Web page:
The glycemic response to beer, and all carbohydrates for that matter, can be worrying if you are prediabetic. Any starch that is rapidly absorbed causing a spike in blood glucose draws a corresponding spurt of insulin from the pancreas; high sugar levels damage the arterial lining.
Repeated many times a day and eventually resistance to insulin sets in; sugars are not absorbed into the cells demanding an even greater amount of the hormone; it is the recipe for an early demise.
Since I am myself possibly prediabetic, there are obviously concerns whether beer, and other foods, could be contributing to an early stroke or heart attack. Whilst not wanting to be alarmist, life is good, and I have no desire to lose a foot or go blind long before my time.
This page was last updated by Dr Bernard Preston on 23rd August, 2019.
It probably seems macabre, but mutilating your fingers and testing your own blood is both inexpensive, and extremely interesting.
More than 50% of diabetics are walking the street not knowing they have a very serious disease that is going to cut short their lives, and make the end miserable and very painful; it is a sobering thought.
And so I have tackled the topic of the glycemic response to beer, and other starches that I consume. It is a complex subject; I will not pretend otherwise, but it has the potential to add ten good years to my life, and yours too. I think it is eminently worth the pricks my fingers are being subjected to.
I am a blood donor; yesterday's jab by the vampire was far more intimidating with a much larger needle but one does that for altruistic reasons.
The glycemic response to beer occurs because of the alcohol and malt sugar, both of which are carbohydrate which is digested in the small intestine, raising blood glucose.
It is in principle no different to a candy bar, or glass of coke. Surprisingly diet sodas are even more likely to cause you to become resistant to insulin and diabetic; if you value you well-being, avoid artificial sweeteners.
So, we all know that alcohol certainly affects our brains; some it makes violent, and others it simply puts to sleep. It dulls the senses and makes us dangerous, to both ourselves and others, if we get behind the wheel of a car.
But we love it, and will no doubt continue to enjoy our beer and wine.
But in the context of insulin resistance, stroke and cardiovascular disease, what does your favourite tipple do to the blood sugar? Do we get a massive spike, and what is it like after two hours? I set out to get some answers.
You of course will most likely react very differently, given the context of your lifestyle and the food you eat, and the state of your pancreas. I recommend you test yourself. It is not difficult.
I decided to test my glycemic response to beer exactly in the way that I normally enjoy it; a quart before dinner at night. I could have cheated and first had a glass and then the first course, and then another, and so on, but that would have changed the result drastically.
Plus in the evening, unlike during the day when I go out and keep physically busy after a starch of which I'm suspicious, at night I am a couch potato; I sit down at the computer and write boring pages like this. You test yourself exactly in the way you enjoy your beer.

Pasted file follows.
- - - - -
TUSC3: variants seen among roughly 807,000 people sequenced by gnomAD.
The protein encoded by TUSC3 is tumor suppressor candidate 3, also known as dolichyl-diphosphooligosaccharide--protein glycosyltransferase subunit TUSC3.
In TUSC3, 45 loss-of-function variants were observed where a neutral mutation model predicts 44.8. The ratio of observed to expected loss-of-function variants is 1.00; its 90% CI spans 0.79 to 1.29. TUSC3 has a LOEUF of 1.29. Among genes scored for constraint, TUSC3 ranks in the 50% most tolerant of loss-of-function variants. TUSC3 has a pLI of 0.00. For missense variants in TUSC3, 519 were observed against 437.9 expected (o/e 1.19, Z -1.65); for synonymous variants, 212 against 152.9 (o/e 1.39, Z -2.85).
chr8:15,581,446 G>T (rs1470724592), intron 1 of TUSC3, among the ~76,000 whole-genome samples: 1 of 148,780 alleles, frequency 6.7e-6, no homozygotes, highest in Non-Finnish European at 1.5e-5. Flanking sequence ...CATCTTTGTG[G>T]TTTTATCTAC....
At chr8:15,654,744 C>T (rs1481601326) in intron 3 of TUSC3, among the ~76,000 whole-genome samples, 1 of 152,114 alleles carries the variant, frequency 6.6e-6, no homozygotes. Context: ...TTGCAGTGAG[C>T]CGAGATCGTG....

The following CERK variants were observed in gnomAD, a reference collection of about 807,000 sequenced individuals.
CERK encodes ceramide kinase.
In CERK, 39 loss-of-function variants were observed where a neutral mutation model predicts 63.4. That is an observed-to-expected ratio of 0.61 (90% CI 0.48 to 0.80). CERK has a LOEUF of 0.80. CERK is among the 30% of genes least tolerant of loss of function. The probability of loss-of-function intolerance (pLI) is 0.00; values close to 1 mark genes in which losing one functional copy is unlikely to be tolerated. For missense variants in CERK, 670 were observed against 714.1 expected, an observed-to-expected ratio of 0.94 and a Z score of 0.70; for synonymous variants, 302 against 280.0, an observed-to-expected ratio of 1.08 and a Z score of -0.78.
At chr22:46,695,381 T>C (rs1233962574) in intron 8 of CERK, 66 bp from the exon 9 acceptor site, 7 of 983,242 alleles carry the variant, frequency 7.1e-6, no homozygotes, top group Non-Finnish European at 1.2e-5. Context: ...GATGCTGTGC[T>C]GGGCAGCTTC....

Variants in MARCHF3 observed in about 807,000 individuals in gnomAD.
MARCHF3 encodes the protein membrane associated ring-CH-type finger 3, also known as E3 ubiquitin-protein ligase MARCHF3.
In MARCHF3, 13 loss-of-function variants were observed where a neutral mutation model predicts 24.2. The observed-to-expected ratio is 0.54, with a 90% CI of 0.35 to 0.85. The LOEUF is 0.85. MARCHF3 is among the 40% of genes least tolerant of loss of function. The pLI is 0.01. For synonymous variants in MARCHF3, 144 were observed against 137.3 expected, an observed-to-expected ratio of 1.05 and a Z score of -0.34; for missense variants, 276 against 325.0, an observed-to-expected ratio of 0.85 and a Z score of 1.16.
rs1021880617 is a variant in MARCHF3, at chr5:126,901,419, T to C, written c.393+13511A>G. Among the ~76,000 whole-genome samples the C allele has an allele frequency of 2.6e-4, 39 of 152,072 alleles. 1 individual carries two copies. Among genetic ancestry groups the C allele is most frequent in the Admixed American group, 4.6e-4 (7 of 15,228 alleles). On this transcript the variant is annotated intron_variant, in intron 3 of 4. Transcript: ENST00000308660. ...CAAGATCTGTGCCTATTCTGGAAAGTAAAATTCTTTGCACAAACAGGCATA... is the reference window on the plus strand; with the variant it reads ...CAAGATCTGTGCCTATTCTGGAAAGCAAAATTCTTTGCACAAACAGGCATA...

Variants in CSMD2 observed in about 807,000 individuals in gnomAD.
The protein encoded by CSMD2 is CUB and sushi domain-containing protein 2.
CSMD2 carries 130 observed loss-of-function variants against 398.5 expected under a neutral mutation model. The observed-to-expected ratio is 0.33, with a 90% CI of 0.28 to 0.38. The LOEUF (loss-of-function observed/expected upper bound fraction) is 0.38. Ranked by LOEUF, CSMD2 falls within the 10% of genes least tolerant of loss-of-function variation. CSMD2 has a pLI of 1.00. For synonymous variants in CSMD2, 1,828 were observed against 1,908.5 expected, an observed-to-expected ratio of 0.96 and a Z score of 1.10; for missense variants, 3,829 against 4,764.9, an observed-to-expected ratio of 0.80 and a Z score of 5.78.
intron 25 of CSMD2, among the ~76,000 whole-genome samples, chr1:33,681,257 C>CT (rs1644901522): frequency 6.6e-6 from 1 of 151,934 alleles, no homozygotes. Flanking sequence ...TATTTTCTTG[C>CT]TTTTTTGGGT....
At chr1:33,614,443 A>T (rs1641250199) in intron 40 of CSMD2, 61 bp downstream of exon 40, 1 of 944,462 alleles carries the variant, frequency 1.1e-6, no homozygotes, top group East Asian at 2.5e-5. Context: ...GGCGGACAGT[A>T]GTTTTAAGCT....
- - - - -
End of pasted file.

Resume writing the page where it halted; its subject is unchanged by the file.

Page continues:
What do you need? A glucometer, a stabbing stick and a little card that is inserted into the device. Four pricks of the fingers and in two hours you will know exactly where you stand regarding the glycemic index of beer, or wine for that matter.
Time (mins) Glucose (mmol/L) (mg/dl) Food
0 4.3 78 Water + 2 gl beer
30 5.2 94 1 gl beer
60 6.5 116 Dinner
120 5.6 101
Beer: 1 quart or 730ml, 26 g carbohydrate
Dinner: Fresh lima and broad beans, broccoli, one egg, 1 slice 100% wholemeal bread and butter. 15g + 5g + 0g + 15g = 35g
Total carbohydrate for the meal: 61g
If you are diabetic, this amount of starch at one sitting, with no exercise, would be disastrous; those glucose readings would be quite different. We cheat, thinking we are clever, by using a little extra of the hormone, but it just hastens the day of that stroke or heart attack, or loss of half your foot. We become more and more insulin resistant.
Simply going without that beer would halve the glycemic load; luckily I am not diabetic and I can continue to kid myself that it is not doing me much harm.
If I had succumbed to ice-cream and hot chocolate sauce after dinner, then I would have been a gonna; one cup could easily add nearly 50g more carbohydrate.
In fact, when my fingers have recovered, I will have exactly the same meal, testing for the glycemic response to beer, but add a cup of my favourite dessert; that reading after two hours will be quite different I suspect, and I should add a third after three.
This is really just about taking responsibility for our own health, and finding out what carbs spike your blood glucose. Orange juice is my Achilles heel, and I love it, so small amounts, much diluted, and a short ten minute walk after breakfast keeps it under control.
There will be photographs to follow.
Oh, and what does that homemade braggart in the photo at the top do to my blood sugar? Beer made with honey instead of sugar is my big favourite. I have yet to test that but because the honey is completely fermented, I suspect it will be little different to an ordinary pale ale. It will be a lot more healthy with the phytochemicals found in raw, unheated honey.
Three rules of thumb have become apparent;
Beer is made from barley and hops, and sometimes wheat. Gluten is found in both grains; since an intolerance is so common causing abdominal pain, bloating and diarrhoea in severe cases, it behooves all beer drinkers to know something of the meaning of gluten.
Then, together with the knowledge of your own glycemic response to beer, it gives you complete control; knowledge is power.
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